Category: Creator Advice

Build Your Own Table


The creative industries are currently experiencing a significant upheaval. For decades, we have fought tirelessly for greater representation in storytelling, advocating for narratives that reflect the true diversity of our changing world. However, the rise of AI and the dominance of large companies are gradually diminishing our opportunities to showcase our stories. As these big companies regress, they are ignoring the demands of the wider audience.

But there is an opportunity for individual creators like us to forge a new path. In this week’s newsletter, I will demonstrate how we can seize this opportunity and build our own platforms. We don’t necessarily need a seat at the big table.

We have the power to create our own.


We have been conditioned to believe that success in the creative field is akin to winning a beauty pageant. We must create a remarkable piece of work and hope to be selected. Someone with the resources and means to present our work to the greater public. Which means we finally get the chance to tell the stories we desire.

This model harks back to an era that excluded the voices of diverse creators. Being “picked” now often means creating stories that cater to someone else’s preferences. While using the limited time and resources we have to make work that truly matters to us. As someone who has worked in the film industry for years, I understand this struggle firsthand. My multitude of short films let to work that paid the bills, Work that  did little to nourish my soul.

However, I have come to realize that there is another way—a way that allows us to create our own resources, networks, and meaningful work.

All it takes is building a community.


Like the myth of getting discovered. There’s also another that we need to have thousands of followers and fans to have an impact. The truth is the opposite,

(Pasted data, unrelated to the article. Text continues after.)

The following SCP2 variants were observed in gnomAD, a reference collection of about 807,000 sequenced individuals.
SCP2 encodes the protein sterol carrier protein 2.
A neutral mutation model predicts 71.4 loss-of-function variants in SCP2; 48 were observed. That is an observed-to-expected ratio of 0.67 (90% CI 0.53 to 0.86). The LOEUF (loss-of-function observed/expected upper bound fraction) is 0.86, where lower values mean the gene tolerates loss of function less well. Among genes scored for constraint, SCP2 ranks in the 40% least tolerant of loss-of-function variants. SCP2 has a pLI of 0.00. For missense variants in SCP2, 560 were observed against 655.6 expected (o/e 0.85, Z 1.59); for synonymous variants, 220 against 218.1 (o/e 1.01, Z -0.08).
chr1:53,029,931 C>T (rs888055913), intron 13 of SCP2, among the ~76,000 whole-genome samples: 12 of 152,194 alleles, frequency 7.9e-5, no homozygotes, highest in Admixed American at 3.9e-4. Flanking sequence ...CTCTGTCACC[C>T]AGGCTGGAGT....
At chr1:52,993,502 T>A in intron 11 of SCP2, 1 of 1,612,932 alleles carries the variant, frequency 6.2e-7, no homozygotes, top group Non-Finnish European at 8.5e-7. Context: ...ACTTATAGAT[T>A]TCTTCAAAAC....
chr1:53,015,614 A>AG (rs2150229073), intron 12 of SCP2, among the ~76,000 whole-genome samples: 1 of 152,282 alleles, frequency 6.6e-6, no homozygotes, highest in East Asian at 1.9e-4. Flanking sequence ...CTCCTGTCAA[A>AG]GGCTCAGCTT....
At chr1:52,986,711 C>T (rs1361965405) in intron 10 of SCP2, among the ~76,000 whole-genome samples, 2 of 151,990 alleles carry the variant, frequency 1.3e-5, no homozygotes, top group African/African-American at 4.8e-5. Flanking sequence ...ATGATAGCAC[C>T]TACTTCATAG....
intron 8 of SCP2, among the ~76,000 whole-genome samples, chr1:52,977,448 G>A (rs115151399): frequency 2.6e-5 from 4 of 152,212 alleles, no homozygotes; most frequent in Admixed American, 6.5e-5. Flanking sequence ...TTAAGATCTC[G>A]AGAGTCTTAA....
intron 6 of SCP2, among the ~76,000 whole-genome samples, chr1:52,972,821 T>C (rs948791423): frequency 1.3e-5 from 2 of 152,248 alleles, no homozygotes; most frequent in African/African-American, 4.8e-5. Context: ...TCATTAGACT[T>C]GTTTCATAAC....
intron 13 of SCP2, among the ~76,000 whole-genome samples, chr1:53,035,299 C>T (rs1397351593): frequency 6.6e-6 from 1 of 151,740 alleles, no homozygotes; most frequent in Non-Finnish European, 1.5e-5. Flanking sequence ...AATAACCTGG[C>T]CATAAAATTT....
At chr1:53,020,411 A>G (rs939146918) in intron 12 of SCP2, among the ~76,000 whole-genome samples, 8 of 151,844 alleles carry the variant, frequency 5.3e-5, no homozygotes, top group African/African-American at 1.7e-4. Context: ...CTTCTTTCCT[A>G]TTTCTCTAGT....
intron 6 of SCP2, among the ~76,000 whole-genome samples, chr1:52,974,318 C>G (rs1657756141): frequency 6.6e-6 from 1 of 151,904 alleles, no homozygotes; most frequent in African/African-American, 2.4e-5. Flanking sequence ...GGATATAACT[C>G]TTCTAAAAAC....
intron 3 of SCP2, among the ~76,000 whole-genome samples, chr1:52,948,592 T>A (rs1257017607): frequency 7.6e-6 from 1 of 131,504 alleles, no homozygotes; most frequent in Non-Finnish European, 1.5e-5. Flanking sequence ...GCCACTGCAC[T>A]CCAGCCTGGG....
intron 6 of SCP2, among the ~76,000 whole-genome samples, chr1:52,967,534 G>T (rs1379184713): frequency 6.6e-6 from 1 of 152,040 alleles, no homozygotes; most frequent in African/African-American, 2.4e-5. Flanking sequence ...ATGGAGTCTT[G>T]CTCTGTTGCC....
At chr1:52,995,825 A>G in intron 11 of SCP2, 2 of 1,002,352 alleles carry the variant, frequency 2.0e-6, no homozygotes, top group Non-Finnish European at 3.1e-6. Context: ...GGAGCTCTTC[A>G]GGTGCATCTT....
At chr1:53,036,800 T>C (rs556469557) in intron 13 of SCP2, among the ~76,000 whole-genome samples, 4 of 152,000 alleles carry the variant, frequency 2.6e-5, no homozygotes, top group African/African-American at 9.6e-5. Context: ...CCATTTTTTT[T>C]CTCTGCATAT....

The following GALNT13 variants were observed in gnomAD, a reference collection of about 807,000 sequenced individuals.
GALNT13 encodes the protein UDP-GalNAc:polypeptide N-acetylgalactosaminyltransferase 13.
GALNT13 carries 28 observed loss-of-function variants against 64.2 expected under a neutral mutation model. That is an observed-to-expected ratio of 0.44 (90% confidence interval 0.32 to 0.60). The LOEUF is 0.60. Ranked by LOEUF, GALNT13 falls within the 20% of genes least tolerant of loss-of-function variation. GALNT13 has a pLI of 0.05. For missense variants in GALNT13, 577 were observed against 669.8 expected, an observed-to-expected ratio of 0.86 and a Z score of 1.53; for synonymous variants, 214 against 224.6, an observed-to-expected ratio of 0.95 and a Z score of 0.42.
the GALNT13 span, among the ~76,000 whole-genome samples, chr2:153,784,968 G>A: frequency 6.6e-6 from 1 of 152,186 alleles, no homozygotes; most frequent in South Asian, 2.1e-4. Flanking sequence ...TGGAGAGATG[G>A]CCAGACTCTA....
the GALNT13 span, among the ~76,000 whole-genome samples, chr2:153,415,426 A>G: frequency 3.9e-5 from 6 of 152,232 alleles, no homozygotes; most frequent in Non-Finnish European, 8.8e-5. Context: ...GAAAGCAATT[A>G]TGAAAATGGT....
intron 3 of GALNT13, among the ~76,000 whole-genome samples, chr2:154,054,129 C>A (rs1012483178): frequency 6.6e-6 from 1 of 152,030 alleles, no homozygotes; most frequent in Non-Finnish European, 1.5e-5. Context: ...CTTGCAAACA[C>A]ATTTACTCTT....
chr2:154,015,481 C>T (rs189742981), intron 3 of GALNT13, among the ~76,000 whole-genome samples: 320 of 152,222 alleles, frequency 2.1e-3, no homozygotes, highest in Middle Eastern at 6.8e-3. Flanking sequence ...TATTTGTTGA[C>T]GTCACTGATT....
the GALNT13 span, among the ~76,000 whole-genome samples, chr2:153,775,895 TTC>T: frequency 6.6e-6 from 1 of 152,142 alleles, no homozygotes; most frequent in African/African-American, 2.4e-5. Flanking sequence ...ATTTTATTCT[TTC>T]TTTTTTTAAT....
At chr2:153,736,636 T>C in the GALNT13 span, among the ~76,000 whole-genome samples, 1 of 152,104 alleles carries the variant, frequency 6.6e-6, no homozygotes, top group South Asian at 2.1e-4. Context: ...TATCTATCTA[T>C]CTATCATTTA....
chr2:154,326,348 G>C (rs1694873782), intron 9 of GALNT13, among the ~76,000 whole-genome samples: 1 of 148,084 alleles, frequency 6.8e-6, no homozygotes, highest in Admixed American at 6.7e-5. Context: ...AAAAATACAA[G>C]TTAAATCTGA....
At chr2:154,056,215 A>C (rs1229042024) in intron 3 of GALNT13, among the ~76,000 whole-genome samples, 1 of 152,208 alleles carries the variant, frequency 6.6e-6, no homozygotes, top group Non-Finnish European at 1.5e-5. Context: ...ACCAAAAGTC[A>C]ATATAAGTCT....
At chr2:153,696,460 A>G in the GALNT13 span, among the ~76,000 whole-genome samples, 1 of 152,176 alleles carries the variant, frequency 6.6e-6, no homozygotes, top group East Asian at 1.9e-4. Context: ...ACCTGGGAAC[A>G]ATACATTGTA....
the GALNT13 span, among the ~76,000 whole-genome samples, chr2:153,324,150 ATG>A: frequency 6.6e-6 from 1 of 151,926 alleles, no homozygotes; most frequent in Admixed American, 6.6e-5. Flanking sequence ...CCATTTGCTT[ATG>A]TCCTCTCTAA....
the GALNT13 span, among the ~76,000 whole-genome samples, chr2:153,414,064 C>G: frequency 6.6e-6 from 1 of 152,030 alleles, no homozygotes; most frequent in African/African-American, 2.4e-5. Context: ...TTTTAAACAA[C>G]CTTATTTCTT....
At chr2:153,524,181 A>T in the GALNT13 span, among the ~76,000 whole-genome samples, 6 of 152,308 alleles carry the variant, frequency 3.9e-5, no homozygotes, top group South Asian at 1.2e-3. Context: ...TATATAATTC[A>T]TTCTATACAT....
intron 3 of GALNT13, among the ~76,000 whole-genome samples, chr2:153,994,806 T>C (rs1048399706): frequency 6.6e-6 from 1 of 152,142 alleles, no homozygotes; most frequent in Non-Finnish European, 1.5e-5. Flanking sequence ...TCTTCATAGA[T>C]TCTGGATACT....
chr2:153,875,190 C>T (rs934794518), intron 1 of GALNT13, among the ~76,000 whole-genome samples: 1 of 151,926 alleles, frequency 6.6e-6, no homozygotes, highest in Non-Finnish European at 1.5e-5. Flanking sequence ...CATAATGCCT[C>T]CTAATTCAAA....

Less is more.

While having a large audience is important. What is more important is having people who are passionate about you and the work you make. The biggest joy I get from the work I do, whether the films I make or writing this newsletter is the interactions. When I get to meet new people and hear their stories.

It’s by making those connections that you really start to have an impact. It’s how you build a supportive network that is mutually beneficial. What’s lost in how we use social media is by being social. We have the ability to talk to whoever we think is like us, or will understand who we are. And we can begin a conversation in a matter of seconds. If you repeat this then your audience and reach will grow.

And this is how you begin to create an income.


Let’s face facts – everyone needs money. A starving artist isn’t an impactful one.

Money is an exchange of value for something that helps someone save time or enhance their life. For the longest time, I was focused on how the films I made could make money. But what I realized was the work is not how I built an income – I was.

Here’s a dirty little secret about influencers and YouTube stars, they make very little money for their videos themselves. Brand deals and the ads you see are constantly in flux, and are ultimately out of their control. They are not dependable sources of income. But what is dependable is something you can produce.

If you can use the skills you’ve learned through your work, you can make money. Or if you can teach someone how to gain those skills. That’s even better. As you are helping someone along the way. Someone you may end up collaborating with in the future. Which helps create that bigger change we all want to see.

I know that every person who can express themselves creatively can build an income. It just takes some reprogramming: